- Real estate that is transferred from parent(s) to child(ren), or from child(ren) to parent(s) may be excluded from reassessment.
- The established Prop. 13 taxable value is not affected by the transfer
- Exclusion is not automatic; there must be a timely filed claim with the Assessor's Office
- The new owner's taxes are calculated on the established Prop.13 factored value, instead of the current market value when the property is acquired.
- $1 million limit (taxable value) on transfers of non-principal residence property
- No dollar limitation on the original owner's principal residence
- Transfers between legal entities (i.e., corporations, partnerships) that are owned by parents or children do not qualify
The parent-child transfers under Proposition 58 include all types of transfers of title from parents to children or from children to parents. Transfers must occur on or after November 6, 1986, the effective date of the Proposition. They may be in the form of a deed (recorded after November 6, 1986), an inheritance from someone who was deceased after November 6, 1986, a court order dated on or after that date, etc.
Further, this Proposition includes all types of real property owned by the transferor, including all the value of his/her principal place of residence and on the first one million dollars ($1 million) of the enrolled value of all other types of property. Both parents can combine their exclusions for a limit of $2 million dollars.
Definitions and Terminology specific to Prop 58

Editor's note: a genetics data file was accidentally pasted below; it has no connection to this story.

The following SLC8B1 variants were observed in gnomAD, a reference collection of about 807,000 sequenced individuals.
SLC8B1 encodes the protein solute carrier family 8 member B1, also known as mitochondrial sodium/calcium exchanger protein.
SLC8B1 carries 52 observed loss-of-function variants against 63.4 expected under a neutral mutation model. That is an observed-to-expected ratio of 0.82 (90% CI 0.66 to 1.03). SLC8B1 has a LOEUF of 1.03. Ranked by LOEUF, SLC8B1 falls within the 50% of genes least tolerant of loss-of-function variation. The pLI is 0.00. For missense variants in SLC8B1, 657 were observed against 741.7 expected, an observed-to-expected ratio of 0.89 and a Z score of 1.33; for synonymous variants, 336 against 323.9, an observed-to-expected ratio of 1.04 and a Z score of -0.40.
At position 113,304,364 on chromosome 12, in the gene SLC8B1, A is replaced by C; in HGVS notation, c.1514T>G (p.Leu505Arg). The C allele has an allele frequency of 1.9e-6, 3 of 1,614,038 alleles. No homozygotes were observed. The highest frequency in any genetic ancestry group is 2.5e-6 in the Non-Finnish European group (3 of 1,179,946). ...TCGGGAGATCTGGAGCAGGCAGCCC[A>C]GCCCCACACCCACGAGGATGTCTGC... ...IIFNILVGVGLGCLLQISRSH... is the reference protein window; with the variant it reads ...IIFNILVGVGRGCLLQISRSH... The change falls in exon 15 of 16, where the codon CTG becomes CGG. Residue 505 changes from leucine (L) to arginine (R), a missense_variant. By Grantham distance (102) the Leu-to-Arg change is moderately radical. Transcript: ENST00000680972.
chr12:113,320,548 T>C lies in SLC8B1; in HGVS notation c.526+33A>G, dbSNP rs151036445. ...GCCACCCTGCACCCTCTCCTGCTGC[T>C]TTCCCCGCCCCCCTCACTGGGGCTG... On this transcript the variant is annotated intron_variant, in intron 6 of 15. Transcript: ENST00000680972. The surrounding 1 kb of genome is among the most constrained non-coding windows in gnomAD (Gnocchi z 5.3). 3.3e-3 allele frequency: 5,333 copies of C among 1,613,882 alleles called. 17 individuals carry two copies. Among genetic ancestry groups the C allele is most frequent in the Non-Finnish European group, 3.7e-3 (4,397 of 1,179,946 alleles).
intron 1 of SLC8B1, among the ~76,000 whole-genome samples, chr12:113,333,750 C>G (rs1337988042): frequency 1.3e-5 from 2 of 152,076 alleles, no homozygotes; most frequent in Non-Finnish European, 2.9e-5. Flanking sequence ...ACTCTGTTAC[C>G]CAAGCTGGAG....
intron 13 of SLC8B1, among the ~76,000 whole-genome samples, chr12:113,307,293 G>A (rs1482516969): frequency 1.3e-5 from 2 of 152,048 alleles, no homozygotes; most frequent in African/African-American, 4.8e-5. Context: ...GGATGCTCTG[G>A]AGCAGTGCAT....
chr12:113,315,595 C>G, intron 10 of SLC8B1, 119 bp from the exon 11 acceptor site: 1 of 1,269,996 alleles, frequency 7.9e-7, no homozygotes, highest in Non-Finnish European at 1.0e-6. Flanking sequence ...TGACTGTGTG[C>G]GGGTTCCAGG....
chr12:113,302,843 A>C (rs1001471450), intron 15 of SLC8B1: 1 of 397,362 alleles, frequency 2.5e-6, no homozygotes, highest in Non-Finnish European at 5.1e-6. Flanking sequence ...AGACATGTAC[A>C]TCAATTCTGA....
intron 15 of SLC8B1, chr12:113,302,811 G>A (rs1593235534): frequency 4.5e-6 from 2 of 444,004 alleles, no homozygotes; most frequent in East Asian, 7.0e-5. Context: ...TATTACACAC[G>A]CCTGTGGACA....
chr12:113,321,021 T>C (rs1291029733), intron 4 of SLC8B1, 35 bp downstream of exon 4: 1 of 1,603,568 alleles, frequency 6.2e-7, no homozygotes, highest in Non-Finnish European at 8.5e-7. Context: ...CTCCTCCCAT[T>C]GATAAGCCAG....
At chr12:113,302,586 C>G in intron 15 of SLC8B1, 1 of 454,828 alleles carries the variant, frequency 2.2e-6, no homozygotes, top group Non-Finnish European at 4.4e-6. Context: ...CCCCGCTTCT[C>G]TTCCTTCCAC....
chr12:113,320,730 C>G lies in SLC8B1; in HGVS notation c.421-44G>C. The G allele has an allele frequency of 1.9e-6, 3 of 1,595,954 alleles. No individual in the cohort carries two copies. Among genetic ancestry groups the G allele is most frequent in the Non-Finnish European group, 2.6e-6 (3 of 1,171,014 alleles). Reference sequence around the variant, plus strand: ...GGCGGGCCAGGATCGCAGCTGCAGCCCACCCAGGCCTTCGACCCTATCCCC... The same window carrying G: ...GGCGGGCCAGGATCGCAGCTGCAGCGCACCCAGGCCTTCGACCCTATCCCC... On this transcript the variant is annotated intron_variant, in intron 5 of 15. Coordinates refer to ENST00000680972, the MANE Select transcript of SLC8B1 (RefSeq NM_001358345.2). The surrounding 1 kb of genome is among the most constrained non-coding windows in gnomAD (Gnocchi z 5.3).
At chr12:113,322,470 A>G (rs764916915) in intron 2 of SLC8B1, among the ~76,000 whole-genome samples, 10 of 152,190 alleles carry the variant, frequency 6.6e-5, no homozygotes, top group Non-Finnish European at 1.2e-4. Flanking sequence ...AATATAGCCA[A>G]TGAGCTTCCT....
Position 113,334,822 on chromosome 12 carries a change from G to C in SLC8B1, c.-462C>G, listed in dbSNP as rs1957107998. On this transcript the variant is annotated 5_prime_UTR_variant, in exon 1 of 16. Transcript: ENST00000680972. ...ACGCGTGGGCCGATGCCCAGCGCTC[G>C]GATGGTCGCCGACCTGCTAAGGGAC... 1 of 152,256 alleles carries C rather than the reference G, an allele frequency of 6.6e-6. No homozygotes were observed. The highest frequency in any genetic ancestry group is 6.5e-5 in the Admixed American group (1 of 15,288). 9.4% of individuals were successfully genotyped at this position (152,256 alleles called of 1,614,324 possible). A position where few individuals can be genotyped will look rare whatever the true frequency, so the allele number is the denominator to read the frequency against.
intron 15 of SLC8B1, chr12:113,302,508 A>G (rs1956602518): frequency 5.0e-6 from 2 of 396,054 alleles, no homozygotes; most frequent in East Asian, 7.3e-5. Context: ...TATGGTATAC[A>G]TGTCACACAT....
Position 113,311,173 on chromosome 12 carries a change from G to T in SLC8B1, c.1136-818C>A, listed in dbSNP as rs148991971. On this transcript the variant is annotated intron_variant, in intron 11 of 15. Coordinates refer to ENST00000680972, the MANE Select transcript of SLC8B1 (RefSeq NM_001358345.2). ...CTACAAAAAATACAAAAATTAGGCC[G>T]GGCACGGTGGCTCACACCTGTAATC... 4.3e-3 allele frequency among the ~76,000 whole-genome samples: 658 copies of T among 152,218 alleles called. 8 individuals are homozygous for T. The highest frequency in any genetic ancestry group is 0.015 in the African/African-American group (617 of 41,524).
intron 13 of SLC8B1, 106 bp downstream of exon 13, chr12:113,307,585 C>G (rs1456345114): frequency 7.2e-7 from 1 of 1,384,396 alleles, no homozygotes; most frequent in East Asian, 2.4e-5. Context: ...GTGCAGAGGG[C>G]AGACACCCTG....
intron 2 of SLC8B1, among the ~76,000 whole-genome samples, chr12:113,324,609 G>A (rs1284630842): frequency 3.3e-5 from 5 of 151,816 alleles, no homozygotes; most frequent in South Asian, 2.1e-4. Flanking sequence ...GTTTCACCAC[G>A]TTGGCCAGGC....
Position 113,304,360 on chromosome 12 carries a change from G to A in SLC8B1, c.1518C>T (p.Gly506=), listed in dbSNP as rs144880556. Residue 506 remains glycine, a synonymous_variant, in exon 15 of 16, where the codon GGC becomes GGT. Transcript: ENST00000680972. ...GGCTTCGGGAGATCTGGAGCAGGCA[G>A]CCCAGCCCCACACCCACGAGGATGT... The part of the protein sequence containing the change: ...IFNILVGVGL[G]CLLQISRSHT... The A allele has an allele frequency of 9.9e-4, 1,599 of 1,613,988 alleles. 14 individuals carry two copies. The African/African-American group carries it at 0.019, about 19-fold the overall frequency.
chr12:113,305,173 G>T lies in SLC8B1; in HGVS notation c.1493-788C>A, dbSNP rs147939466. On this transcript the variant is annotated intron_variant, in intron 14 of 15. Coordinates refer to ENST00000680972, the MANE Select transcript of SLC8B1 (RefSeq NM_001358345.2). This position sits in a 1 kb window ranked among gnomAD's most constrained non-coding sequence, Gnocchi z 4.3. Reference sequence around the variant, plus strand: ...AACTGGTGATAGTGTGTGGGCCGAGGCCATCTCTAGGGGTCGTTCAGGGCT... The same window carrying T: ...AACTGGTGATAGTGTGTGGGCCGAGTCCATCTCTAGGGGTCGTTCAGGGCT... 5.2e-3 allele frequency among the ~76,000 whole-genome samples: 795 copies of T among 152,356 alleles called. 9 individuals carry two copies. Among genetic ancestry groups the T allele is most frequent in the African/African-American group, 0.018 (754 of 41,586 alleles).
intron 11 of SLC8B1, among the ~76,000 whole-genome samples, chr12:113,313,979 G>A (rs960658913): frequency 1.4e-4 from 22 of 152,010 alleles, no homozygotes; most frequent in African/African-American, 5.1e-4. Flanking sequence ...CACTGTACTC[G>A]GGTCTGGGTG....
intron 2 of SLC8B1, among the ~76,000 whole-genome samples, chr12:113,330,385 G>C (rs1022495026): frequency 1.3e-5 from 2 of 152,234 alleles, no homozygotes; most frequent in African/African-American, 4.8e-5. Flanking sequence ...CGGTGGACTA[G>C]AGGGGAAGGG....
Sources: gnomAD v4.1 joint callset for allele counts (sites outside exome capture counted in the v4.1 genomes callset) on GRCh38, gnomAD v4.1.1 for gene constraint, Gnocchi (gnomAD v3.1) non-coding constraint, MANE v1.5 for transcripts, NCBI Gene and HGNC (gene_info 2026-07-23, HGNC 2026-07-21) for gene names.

Children: Children include the following: sons and daughters, sons-in-law and daughters-in-law, stepchildren, and children adopted under 18.
Gift/Purchase: Transfers such as a gift or purchase between parents and children are excluded with a completed Prop. 58 form.
Principal Residence: Proposition 58 does not require that the parent or child use the transferred property as his or her principal residence. In addition, the $1 million limit does not apply to the transferor's principal residence.
$1 Million Dollar Exclusion: The $1 million exclusion for other property applies for each transferor. Therefore, one parent can transfer $1 million of other property and the other parent can also transfer $1 million of other property for a total combined exclusion of $2 million. These transfers will be coordinated Statewide under the million dollar limit.
Legal Entities: Transfers directly between legal entities owned by parents and children are not entitled to the benefits of this measure.
Trusts: A transfer to or from a trust is treated just as a transfer to or from the trustor personally, provided the trust is revocable.
Date of Death of Decedent: The date of any transfer between parents and their children under a will or intestate succession is the date of a decedent's death, which must be after November 6, 1986.
"Third Party" Defined: A third party is any person or entity that is not a transferee or transferor in the transfer between the parents and children.
"Transfer of the Real Property to a "Third Party": For filing proposes, a transfer of the real property to a third party occurs when all the real property received is transferred to someone other than an original transferee or transferor. Therefore, a transfer may qualify for an exclusion when a partial interest in the property received is transferred to a third party prior to an application being filed.
Current law requires that the claim form be filed within three (3) years after the date of the transfer of real property or prior to the transfer of the real property to a third party, whichever is earlier. However, even if a claim is not made within this filing period, a claim is considered timely if it is filed within anytime prior to or within six (6) months after the mailing date of a Notice of Supplemental Assessment or Notice of Proposed Escape Assessment, whichever is later. For example if a taxpayer received a Notice of Supplemental Assessment for a parent-child transfer dated January 1, 1994, and then received a Notice of Proposed Escape Assessment dated April 1, 1994, the taxpayer would have six (6) months from April 1, 1994 to file a claim with the Assessor.